When you are handed the opportunity to surf the crest of a wave, and that wave is being propelled forward by virtually every meaningful market force, what do you do?
Accept the gift and prepare for the ride!
So it goes with the new wave of contingents, set to double from 20 percent of the global marketplace to 40 percent by 2020, according to Intuit.
The goal for staffing agencies is to determine how best to maximize their prized position in this new environment. Smart recruiters will most effectively capitalize on this trend if they keep their eye on these five goals:
1. Capitalize on the skilled worker shortage
"I think the shift to contingent workers is still in its infancy and will move from imperceptible to perceptible to crisis level," said Jobscience CEO Ted Elliott. "The free market will adjust itself to adjust to the change. You'll see that most clearly in the staffing industry and its higher performance rate."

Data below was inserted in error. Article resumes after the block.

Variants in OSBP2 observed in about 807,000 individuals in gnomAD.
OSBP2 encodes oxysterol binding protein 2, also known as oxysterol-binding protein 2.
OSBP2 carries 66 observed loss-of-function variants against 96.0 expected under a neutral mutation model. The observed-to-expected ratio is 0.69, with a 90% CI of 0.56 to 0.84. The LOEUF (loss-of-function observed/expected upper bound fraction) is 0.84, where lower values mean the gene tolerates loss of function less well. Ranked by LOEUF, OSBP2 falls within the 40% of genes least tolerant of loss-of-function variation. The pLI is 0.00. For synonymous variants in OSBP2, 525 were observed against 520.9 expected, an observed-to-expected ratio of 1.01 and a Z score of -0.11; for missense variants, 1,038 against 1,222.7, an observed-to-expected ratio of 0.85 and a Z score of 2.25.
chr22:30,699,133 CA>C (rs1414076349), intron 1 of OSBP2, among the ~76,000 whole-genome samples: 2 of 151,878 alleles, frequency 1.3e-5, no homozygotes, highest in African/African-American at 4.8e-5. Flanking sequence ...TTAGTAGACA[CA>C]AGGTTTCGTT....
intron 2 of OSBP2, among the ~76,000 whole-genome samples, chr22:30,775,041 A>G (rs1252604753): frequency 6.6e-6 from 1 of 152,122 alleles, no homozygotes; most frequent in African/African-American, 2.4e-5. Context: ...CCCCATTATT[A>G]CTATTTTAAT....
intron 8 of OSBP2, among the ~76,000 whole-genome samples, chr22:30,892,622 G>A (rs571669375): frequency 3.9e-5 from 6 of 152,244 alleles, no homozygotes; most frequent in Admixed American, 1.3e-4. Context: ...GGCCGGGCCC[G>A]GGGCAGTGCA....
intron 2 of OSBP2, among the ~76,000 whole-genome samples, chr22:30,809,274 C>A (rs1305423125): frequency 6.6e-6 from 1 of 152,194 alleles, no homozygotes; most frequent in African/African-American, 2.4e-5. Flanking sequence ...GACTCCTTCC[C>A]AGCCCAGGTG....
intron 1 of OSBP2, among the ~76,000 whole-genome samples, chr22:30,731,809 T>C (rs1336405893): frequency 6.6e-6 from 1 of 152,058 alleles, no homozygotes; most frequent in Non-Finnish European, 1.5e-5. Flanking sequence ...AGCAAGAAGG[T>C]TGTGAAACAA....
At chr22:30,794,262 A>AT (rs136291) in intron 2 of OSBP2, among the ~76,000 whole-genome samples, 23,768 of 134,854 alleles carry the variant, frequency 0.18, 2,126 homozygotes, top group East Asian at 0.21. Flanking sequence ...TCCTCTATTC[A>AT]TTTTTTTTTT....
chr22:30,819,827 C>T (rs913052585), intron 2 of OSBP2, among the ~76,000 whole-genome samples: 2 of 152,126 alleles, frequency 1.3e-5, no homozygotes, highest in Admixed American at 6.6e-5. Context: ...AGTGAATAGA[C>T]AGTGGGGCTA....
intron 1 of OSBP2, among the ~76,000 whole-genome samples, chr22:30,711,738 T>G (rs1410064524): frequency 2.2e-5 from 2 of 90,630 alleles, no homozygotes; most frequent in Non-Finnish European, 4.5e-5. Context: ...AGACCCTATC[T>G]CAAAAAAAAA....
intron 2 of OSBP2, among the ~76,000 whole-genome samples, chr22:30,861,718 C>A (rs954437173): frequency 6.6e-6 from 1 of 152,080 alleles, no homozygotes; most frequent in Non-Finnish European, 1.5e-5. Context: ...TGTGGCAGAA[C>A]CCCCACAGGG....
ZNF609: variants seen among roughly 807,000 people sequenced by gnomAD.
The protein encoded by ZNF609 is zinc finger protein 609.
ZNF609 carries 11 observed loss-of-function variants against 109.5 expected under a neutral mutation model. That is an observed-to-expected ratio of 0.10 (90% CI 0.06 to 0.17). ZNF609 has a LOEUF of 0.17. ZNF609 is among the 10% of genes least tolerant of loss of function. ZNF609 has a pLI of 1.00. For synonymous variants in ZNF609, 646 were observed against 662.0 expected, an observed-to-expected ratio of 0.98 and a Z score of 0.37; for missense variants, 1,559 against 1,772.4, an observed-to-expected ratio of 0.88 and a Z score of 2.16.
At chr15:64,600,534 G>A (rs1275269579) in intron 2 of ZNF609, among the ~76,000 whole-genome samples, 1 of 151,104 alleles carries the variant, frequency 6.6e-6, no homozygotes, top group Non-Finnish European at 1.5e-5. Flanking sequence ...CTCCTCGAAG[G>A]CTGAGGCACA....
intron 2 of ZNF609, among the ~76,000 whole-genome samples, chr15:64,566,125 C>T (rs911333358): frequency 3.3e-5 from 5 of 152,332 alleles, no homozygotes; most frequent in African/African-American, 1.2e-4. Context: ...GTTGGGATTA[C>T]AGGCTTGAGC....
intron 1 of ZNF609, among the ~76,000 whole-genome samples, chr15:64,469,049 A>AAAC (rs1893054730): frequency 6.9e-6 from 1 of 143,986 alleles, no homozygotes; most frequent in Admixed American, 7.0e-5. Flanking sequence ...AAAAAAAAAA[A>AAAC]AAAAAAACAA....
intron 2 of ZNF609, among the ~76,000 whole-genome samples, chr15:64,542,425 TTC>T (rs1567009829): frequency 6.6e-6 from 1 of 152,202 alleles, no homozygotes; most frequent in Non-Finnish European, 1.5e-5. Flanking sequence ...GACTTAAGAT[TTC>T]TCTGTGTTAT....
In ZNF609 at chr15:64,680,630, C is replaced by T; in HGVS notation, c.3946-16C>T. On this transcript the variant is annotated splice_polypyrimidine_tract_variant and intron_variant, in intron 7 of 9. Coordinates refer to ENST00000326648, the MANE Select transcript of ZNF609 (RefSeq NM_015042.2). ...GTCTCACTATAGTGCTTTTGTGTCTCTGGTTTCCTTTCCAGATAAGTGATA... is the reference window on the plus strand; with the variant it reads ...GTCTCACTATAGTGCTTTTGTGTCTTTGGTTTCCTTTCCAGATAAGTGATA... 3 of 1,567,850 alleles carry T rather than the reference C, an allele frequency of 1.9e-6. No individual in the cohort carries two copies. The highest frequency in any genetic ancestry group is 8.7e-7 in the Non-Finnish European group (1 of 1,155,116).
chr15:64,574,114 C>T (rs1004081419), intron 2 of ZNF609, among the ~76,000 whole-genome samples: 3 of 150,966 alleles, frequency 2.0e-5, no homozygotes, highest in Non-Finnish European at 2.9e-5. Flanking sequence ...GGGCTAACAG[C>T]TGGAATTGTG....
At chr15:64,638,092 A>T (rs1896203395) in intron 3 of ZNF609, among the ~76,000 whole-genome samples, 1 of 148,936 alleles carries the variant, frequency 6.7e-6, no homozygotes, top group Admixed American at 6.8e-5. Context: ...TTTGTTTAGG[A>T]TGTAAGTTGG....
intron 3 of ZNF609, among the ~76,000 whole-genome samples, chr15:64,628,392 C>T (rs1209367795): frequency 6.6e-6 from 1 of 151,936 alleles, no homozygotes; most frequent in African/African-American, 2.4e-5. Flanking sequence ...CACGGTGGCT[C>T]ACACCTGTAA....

Elliott foresees organizations starting to fail to meet their recruitment goals in much the same way the shortage of skilled nurses left gaps in the healthcare industry in the 1990s and into the next decade. As a result, staffing in the healthcare industry "grew like wildfire" and nurses' pay doubled in many markets.
"We may be seeing a similar phenomenon across every core industry in the market, offering unprecedented rewards to staffing agencies that are savvy talent hunters," he continued.
The primary force behind this shift is time itself.
"We're in the first quartile of a 20-year experience of ageing," Elliott said. "The number of people who are leaving the workforce permanently and not returning is accelerating. This is causing a shift in the workforce that is going to exacerbate every year for the next 15 years."